06 Jul 2015 16:14 IST

The key to conducting effective appraisals

Here are some steps that can be taken to ensure a good system

My cousin recently told me he is switching jobs since he is not happy with the appraisal he received. He feels the appraisal was not fair, and so he doesn’t feel well rewarded for his efforts. Is there a way to ensure that performance appraisals are done fairly?

This is indeed a tricky issue faced by many organisations. Far too often, companies find that many of the employees are left grumbling about “unfairness” and biases after the appraisal process is complete.

First, to answer your question directly, there is no way to ENSURE that appraisals are done fairly. But there are things that can be done to maximise the chances of an appraisal being fair.

But before I talk about the steps, let me also highlight that it is not enough to be fair, it is also important to be ‘seen’ as being fair. It is quite possible that some employees who are unhappy about the appraisal may have actually had a fair appraisal but the communication has not been handled sensitively enough.

Okay…yes, that sounds like something I have heard about the British legal system. Yes, you have probably read that it is not enough for justice to be done; justice must also be seen to be done. Pretty sensible words actually.

Let us now look at some of the steps that can be taken to ensure a good appraisal system:

At the macro-level, the aim of a performance appraisal, from the company’s point of view, cannot be to solely to determine increments or promotions. Yes, that is how it affects the individuals, but that cannot be the organisation’s main aim.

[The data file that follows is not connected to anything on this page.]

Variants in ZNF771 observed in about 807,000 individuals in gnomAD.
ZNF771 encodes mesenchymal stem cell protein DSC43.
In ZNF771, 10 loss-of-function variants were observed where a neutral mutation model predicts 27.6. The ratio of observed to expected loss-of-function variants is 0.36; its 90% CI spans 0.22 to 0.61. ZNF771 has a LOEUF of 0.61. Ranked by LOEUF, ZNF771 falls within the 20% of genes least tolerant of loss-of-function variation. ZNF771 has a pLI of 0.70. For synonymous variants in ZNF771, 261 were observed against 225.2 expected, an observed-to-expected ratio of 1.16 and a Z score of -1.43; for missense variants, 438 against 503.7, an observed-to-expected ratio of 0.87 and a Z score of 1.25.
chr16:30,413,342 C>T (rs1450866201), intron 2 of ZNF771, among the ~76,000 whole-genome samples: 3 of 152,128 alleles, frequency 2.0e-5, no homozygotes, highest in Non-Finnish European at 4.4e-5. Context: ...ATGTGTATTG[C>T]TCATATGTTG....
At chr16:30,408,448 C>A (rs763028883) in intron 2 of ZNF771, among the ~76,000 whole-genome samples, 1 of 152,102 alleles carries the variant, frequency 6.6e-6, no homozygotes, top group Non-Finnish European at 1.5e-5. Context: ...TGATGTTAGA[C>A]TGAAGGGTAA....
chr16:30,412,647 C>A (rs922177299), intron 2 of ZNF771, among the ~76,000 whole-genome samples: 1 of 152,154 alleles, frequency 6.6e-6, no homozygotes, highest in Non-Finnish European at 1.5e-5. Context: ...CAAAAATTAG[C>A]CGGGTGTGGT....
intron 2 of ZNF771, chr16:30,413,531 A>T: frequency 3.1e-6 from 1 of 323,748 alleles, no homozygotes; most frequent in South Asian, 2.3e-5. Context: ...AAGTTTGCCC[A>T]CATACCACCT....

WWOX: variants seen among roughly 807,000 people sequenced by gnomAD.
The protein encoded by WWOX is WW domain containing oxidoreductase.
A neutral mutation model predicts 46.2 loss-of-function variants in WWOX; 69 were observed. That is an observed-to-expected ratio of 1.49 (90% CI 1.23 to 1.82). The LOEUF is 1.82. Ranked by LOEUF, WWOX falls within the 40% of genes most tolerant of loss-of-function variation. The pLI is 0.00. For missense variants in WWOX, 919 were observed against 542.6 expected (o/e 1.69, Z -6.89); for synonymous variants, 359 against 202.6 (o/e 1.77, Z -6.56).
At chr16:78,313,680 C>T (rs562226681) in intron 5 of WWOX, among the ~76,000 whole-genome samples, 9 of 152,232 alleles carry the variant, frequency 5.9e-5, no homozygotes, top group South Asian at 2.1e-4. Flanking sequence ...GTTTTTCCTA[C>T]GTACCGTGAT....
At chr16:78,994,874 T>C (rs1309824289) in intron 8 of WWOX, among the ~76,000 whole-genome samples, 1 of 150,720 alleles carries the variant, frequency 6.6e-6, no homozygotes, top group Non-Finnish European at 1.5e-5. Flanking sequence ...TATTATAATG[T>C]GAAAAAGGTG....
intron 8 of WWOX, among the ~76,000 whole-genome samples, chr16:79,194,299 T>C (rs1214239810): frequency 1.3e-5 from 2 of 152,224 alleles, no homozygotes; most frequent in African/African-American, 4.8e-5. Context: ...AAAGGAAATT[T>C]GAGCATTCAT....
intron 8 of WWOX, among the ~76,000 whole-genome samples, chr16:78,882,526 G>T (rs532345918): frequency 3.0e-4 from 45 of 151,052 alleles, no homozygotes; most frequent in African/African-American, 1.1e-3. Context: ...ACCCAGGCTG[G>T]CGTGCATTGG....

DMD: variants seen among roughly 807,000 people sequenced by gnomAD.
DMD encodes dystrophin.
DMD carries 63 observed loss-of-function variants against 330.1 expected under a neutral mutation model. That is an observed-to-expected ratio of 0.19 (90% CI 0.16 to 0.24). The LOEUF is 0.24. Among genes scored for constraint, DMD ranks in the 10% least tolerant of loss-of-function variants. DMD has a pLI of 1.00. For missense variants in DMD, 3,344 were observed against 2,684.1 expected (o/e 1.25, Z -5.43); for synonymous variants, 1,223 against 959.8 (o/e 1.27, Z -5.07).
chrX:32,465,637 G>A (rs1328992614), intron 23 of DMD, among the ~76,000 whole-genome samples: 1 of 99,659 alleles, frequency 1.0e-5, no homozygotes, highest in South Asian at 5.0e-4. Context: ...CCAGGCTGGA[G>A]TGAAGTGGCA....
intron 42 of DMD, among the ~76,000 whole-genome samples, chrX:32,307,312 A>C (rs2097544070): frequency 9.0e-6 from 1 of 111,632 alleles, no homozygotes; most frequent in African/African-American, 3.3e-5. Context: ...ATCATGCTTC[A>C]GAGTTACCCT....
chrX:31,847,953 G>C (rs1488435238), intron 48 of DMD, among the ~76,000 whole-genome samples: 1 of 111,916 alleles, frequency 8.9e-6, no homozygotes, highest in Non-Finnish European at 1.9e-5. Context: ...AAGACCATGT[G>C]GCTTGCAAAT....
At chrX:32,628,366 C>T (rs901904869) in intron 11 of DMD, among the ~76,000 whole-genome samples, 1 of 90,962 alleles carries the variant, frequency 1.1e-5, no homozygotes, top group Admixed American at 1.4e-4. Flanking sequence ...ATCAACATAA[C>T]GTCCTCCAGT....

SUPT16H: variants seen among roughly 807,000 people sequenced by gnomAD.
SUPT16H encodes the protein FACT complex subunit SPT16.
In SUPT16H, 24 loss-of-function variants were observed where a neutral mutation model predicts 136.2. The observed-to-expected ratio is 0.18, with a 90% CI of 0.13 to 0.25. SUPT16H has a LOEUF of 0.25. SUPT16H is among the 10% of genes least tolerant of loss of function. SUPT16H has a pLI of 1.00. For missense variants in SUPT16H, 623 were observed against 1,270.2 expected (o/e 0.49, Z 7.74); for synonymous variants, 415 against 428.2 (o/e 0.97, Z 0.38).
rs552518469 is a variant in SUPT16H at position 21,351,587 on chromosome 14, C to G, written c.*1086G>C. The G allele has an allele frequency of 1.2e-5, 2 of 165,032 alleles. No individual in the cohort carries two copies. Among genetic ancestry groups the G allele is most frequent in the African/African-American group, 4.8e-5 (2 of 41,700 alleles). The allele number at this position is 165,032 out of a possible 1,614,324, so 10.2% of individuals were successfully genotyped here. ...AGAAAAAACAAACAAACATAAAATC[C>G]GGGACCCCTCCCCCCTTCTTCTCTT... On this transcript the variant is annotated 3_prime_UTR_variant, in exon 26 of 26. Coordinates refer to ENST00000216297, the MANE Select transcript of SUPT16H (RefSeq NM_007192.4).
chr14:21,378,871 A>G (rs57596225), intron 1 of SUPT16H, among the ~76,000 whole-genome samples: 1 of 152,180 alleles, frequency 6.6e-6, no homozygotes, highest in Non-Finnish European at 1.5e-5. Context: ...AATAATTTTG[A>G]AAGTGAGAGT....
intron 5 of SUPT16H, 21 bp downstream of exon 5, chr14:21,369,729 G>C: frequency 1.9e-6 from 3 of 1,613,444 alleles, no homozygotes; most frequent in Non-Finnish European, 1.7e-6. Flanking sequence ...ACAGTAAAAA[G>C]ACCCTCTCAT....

The organisation’s aim has to be to put in place a system that actually improves performance, and where feedback on performance is a key input that leads to an improvement in performance.

But do companies really think like that?

Some do, and all should. Now, let’s get on to the specific steps.

The first step must be to understand clearly what is expected from each employee / each position in the organisation. And this must be done well before appraisal time, even before the appraisal year starts, in fact.

Laying out the expectations

For instance, if a Corporate Communication Manager’s job is to ensure that all mass communication about the brands and about the company is effective, and in cohesion, then these should be laid out as her primary performance appraisal criteria.

Once they are clearly laid out, they should be communicated to her in an unambiguous fashion, so that she knows what to work towards, and how she is going to be evaluated.

It is useful if these goals can be quantified. For example, one goal for a brand manager could be that his brand must have at least 90 per cent awareness in the market.

Making the goals quantitative in nature makes evaluation easier and less subjective; and therefore less susceptible to suspicion of “unfairness”.

Yes, I can see that. Objectivity is always better than subjectivity, isn’t it?